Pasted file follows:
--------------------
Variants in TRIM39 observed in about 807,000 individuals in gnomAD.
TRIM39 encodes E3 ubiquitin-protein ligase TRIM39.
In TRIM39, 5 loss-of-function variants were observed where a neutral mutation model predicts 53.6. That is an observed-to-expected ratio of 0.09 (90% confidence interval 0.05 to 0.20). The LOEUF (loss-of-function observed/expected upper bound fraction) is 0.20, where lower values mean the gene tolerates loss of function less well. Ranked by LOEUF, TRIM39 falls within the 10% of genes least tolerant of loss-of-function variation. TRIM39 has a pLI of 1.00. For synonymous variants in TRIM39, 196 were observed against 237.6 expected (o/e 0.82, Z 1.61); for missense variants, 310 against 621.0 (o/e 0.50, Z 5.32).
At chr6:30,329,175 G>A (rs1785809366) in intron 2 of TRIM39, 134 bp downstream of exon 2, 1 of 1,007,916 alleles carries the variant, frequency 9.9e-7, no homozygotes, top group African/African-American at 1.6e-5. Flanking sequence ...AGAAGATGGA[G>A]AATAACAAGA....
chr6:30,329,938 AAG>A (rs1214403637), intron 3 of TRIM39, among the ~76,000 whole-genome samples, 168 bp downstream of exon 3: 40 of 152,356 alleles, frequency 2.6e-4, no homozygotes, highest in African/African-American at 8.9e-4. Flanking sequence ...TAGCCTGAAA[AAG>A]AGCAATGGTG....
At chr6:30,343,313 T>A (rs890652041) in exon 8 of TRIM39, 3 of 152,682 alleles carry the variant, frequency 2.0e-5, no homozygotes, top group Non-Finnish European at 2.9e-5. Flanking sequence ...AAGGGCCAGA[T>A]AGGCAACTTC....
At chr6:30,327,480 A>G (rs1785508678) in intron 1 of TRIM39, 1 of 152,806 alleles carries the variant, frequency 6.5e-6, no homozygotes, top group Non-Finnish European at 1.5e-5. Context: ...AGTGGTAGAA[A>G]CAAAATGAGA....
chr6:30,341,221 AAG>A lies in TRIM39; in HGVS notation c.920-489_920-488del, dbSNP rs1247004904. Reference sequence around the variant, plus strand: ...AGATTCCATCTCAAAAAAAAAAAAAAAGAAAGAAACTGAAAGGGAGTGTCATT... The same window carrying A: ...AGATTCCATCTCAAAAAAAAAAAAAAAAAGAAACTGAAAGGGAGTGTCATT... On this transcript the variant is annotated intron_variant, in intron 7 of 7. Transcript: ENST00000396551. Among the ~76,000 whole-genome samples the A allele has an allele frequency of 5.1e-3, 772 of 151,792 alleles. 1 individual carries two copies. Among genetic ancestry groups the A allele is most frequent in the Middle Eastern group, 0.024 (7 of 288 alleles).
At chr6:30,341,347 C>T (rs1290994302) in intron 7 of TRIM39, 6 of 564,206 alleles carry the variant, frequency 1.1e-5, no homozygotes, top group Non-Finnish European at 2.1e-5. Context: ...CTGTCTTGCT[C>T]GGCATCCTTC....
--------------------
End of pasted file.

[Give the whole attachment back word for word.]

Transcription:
Variants in TRIM39 observed in about 807,000 individuals in gnomAD.
TRIM39 encodes E3 ubiquitin-protein ligase TRIM39.
In TRIM39, 5 loss-of-function variants were observed where a neutral mutation model predicts 53.6. That is an observed-to-expected ratio of 0.09 (90% confidence interval 0.05 to 0.20). The LOEUF (loss-of-function observed/expected upper bound fraction) is 0.20, where lower values mean the gene tolerates loss of function less well. Ranked by LOEUF, TRIM39 falls within the 10% of genes least tolerant of loss-of-function variation. TRIM39 has a pLI of 1.00. For synonymous variants in TRIM39, 196 were observed against 237.6 expected (o/e 0.82, Z 1.61); for missense variants, 310 against 621.0 (o/e 0.50, Z 5.32).
At chr6:30,329,175 G>A (rs1785809366) in intron 2 of TRIM39, 134 bp downstream of exon 2, 1 of 1,007,916 alleles carries the variant, frequency 9.9e-7, no homozygotes, top group African/African-American at 1.6e-5. Flanking sequence ...AGAAGATGGA[G>A]AATAACAAGA....
chr6:30,329,938 AAG>A (rs1214403637), intron 3 of TRIM39, among the ~76,000 whole-genome samples, 168 bp downstream of exon 3: 40 of 152,356 alleles, frequency 2.6e-4, no homozygotes, highest in African/African-American at 8.9e-4. Flanking sequence ...TAGCCTGAAA[AAG>A]AGCAATGGTG....
At chr6:30,343,313 T>A (rs890652041) in exon 8 of TRIM39, 3 of 152,682 alleles carry the variant, frequency 2.0e-5, no homozygotes, top group Non-Finnish European at 2.9e-5. Flanking sequence ...AAGGGCCAGA[T>A]AGGCAACTTC....
At chr6:30,327,480 A>G (rs1785508678) in intron 1 of TRIM39, 1 of 152,806 alleles carries the variant, frequency 6.5e-6, no homozygotes, top group Non-Finnish European at 1.5e-5. Context: ...AGTGGTAGAA[A>G]CAAAATGAGA....
chr6:30,341,221 AAG>A lies in TRIM39; in HGVS notation c.920-489_920-488del, dbSNP rs1247004904. Reference sequence around the variant, plus strand: ...AGATTCCATCTCAAAAAAAAAAAAAAAGAAAGAAACTGAAAGGGAGTGTCATT... The same window carrying A: ...AGATTCCATCTCAAAAAAAAAAAAAAAAAGAAACTGAAAGGGAGTGTCATT... On this transcript the variant is annotated intron_variant, in intron 7 of 7. Transcript: ENST00000396551. Among the ~76,000 whole-genome samples the A allele has an allele frequency of 5.1e-3, 772 of 151,792 alleles. 1 individual carries two copies. Among genetic ancestry groups the A allele is most frequent in the Middle Eastern group, 0.024 (7 of 288 alleles).
At chr6:30,341,347 C>T (rs1290994302) in intron 7 of TRIM39, 6 of 564,206 alleles carry the variant, frequency 1.1e-5, no homozygotes, top group Non-Finnish European at 2.1e-5. Context: ...CTGTCTTGCT[C>T]GGCATCCTTC....